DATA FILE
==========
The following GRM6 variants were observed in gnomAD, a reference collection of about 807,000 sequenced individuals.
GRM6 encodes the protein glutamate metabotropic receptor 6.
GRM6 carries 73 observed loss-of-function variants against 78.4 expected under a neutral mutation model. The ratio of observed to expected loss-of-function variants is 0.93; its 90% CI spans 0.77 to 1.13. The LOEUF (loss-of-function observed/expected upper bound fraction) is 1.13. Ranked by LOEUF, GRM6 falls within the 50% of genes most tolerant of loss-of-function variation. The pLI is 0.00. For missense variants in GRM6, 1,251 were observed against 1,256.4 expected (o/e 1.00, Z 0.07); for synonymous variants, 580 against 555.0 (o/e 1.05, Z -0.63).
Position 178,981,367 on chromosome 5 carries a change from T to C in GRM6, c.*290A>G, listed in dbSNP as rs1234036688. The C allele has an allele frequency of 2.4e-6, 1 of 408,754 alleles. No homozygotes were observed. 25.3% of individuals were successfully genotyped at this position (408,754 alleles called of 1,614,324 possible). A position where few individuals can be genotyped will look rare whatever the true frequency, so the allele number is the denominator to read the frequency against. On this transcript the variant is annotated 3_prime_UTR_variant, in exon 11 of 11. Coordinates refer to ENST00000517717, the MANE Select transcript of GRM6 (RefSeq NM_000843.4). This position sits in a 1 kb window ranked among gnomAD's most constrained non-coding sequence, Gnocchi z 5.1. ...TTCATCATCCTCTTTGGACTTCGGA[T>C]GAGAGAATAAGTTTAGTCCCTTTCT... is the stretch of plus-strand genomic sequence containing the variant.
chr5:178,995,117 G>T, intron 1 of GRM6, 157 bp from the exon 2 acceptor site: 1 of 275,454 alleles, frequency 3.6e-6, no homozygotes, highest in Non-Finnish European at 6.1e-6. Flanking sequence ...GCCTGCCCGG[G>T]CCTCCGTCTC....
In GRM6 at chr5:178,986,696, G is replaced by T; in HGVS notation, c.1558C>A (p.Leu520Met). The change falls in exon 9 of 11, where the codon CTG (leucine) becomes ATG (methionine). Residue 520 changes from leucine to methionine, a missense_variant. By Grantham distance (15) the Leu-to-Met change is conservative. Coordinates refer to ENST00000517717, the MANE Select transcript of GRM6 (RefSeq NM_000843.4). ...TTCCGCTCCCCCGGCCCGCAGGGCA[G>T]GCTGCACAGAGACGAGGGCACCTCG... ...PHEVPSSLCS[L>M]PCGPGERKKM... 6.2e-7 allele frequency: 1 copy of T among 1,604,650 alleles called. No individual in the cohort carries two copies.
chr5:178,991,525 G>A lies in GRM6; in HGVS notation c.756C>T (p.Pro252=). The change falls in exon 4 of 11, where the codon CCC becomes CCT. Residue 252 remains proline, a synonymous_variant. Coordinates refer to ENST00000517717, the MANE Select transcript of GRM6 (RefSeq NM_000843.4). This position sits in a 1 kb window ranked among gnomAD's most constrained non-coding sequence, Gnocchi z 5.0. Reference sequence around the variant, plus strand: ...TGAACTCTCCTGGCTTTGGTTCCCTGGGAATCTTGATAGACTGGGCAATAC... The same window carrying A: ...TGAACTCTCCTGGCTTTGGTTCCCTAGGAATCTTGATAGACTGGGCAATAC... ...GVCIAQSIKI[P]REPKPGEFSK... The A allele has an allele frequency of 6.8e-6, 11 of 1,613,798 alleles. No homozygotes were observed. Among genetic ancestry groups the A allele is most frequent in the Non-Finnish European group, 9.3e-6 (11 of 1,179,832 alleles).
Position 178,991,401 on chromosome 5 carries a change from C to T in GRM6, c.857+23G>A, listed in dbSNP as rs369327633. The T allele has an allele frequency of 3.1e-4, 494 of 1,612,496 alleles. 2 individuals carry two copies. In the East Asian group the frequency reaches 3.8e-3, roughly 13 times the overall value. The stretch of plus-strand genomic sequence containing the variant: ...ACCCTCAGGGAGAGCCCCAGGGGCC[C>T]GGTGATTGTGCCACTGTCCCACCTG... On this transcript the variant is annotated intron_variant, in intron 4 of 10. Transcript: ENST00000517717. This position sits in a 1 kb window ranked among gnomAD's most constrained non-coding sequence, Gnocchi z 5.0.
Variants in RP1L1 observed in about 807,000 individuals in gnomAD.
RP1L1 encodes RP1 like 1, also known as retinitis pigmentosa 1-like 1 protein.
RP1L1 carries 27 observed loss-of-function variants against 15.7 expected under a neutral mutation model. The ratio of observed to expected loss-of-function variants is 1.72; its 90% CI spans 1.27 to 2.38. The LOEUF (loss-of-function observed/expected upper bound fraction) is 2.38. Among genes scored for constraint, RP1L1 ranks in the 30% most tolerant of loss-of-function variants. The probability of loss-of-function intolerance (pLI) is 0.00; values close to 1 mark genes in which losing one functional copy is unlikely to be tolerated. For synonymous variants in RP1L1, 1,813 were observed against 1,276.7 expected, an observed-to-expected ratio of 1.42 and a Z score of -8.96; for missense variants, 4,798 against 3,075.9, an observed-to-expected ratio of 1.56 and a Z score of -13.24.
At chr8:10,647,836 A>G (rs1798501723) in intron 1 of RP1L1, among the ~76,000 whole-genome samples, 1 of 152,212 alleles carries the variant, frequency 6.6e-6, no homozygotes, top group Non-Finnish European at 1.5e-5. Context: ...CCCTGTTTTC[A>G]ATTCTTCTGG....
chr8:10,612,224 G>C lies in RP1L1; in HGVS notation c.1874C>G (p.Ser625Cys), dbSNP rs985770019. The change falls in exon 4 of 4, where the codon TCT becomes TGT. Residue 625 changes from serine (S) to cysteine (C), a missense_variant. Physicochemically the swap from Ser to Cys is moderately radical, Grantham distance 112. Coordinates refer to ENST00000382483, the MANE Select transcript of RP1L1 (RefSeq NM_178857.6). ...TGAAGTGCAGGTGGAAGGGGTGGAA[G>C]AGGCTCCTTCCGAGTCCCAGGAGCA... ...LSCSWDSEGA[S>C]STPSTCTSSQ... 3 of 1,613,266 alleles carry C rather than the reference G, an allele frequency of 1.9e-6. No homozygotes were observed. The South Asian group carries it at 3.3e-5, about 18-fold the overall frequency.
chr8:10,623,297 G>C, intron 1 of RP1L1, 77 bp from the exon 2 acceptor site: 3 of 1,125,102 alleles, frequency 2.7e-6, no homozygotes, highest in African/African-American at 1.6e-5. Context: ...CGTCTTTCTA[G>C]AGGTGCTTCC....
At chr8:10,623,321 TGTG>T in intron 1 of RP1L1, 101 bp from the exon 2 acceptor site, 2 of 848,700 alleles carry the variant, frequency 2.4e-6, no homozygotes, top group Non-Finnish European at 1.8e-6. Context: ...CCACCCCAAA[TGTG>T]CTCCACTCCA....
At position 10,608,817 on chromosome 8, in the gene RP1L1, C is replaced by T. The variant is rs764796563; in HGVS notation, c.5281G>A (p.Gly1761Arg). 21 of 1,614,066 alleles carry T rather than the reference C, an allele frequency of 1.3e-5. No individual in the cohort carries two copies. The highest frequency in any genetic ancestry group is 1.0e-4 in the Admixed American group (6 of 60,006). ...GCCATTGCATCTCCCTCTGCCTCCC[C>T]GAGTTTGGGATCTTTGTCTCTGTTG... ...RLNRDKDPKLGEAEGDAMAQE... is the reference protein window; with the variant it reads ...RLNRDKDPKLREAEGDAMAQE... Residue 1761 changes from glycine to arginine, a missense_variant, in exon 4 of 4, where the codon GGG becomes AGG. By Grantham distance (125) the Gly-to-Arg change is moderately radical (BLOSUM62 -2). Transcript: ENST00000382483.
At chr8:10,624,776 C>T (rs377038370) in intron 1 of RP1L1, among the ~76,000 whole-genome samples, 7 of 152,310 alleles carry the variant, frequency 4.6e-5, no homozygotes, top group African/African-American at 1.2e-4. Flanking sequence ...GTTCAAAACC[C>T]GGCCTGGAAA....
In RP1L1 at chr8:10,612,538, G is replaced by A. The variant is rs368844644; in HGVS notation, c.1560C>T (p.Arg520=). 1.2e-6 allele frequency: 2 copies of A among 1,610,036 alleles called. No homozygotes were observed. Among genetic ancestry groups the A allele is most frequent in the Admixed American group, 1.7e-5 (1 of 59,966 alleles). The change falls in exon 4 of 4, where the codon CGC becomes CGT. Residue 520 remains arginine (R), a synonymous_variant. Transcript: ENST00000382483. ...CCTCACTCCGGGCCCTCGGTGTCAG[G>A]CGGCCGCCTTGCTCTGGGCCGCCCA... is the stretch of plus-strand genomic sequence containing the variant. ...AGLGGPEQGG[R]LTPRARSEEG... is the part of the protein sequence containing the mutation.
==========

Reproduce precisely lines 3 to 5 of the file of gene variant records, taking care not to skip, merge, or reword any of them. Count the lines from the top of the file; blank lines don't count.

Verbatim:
GRM6 carries 73 observed loss-of-function variants against 78.4 expected under a neutral mutation model. The ratio of observed to expected loss-of-function variants is 0.93; its 90% CI spans 0.77 to 1.13. The LOEUF (loss-of-function observed/expected upper bound fraction) is 1.13. Ranked by LOEUF, GRM6 falls within the 50% of genes most tolerant of loss-of-function variation. The pLI is 0.00. For missense variants in GRM6, 1,251 were observed against 1,256.4 expected (o/e 1.00, Z 0.07); for synonymous variants, 580 against 555.0 (o/e 1.05, Z -0.63).
Position 178,981,367 on chromosome 5 carries a change from T to C in GRM6, c.*290A>G, listed in dbSNP as rs1234036688. The C allele has an allele frequency of 2.4e-6, 1 of 408,754 alleles. No homozygotes were observed. 25.3% of individuals were successfully genotyped at this position (408,754 alleles called of 1,614,324 possible). A position where few individuals can be genotyped will look rare whatever the true frequency, so the allele number is the denominator to read the frequency against. On this transcript the variant is annotated 3_prime_UTR_variant, in exon 11 of 11. Coordinates refer to ENST00000517717, the MANE Select transcript of GRM6 (RefSeq NM_000843.4). This position sits in a 1 kb window ranked among gnomAD's most constrained non-coding sequence, Gnocchi z 5.1. ...TTCATCATCCTCTTTGGACTTCGGA[T>C]GAGAGAATAAGTTTAGTCCCTTTCT... is the stretch of plus-strand genomic sequence containing the variant.
chr5:178,995,117 G>T, intron 1 of GRM6, 157 bp from the exon 2 acceptor site: 1 of 275,454 alleles, frequency 3.6e-6, no homozygotes, highest in Non-Finnish European at 6.1e-6. Flanking sequence ...GCCTGCCCGG[G>T]CCTCCGTCTC....